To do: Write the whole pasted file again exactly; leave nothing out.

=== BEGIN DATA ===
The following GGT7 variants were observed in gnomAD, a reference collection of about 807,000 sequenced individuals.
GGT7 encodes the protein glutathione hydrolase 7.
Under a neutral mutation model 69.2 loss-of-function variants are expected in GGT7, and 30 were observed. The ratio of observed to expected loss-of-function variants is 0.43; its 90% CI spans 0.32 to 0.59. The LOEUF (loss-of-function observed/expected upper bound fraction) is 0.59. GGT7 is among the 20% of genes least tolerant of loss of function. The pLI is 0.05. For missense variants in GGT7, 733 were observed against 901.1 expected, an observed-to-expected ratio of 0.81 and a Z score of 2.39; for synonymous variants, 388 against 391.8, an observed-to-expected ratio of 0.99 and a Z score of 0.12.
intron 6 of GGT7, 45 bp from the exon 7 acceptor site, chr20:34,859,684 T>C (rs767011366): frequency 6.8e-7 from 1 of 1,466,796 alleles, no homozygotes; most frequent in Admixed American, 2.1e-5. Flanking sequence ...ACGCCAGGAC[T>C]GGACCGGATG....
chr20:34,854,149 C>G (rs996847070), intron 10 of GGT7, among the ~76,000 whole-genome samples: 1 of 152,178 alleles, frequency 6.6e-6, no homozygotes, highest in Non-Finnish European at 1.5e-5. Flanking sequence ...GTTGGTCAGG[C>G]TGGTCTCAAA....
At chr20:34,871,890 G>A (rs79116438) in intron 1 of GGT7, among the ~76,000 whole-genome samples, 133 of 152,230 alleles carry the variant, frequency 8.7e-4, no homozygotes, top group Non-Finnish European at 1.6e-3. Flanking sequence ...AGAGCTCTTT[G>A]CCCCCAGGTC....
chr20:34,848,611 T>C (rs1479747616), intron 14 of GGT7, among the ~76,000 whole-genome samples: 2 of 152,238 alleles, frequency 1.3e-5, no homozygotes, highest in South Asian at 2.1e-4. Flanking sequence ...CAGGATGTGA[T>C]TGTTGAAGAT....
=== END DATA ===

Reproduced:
The following GGT7 variants were observed in gnomAD, a reference collection of about 807,000 sequenced individuals.
GGT7 encodes the protein glutathione hydrolase 7.
Under a neutral mutation model 69.2 loss-of-function variants are expected in GGT7, and 30 were observed. The ratio of observed to expected loss-of-function variants is 0.43; its 90% CI spans 0.32 to 0.59. The LOEUF (loss-of-function observed/expected upper bound fraction) is 0.59. GGT7 is among the 20% of genes least tolerant of loss of function. The pLI is 0.05. For missense variants in GGT7, 733 were observed against 901.1 expected, an observed-to-expected ratio of 0.81 and a Z score of 2.39; for synonymous variants, 388 against 391.8, an observed-to-expected ratio of 0.99 and a Z score of 0.12.
intron 6 of GGT7, 45 bp from the exon 7 acceptor site, chr20:34,859,684 T>C (rs767011366): frequency 6.8e-7 from 1 of 1,466,796 alleles, no homozygotes; most frequent in Admixed American, 2.1e-5. Flanking sequence ...ACGCCAGGAC[T>C]GGACCGGATG....
chr20:34,854,149 C>G (rs996847070), intron 10 of GGT7, among the ~76,000 whole-genome samples: 1 of 152,178 alleles, frequency 6.6e-6, no homozygotes, highest in Non-Finnish European at 1.5e-5. Flanking sequence ...GTTGGTCAGG[C>G]TGGTCTCAAA....
At chr20:34,871,890 G>A (rs79116438) in intron 1 of GGT7, among the ~76,000 whole-genome samples, 133 of 152,230 alleles carry the variant, frequency 8.7e-4, no homozygotes, top group Non-Finnish European at 1.6e-3. Flanking sequence ...AGAGCTCTTT[G>A]CCCCCAGGTC....
chr20:34,848,611 T>C (rs1479747616), intron 14 of GGT7, among the ~76,000 whole-genome samples: 2 of 152,238 alleles, frequency 1.3e-5, no homozygotes, highest in South Asian at 2.1e-4. Flanking sequence ...CAGGATGTGA[T>C]TGTTGAAGAT....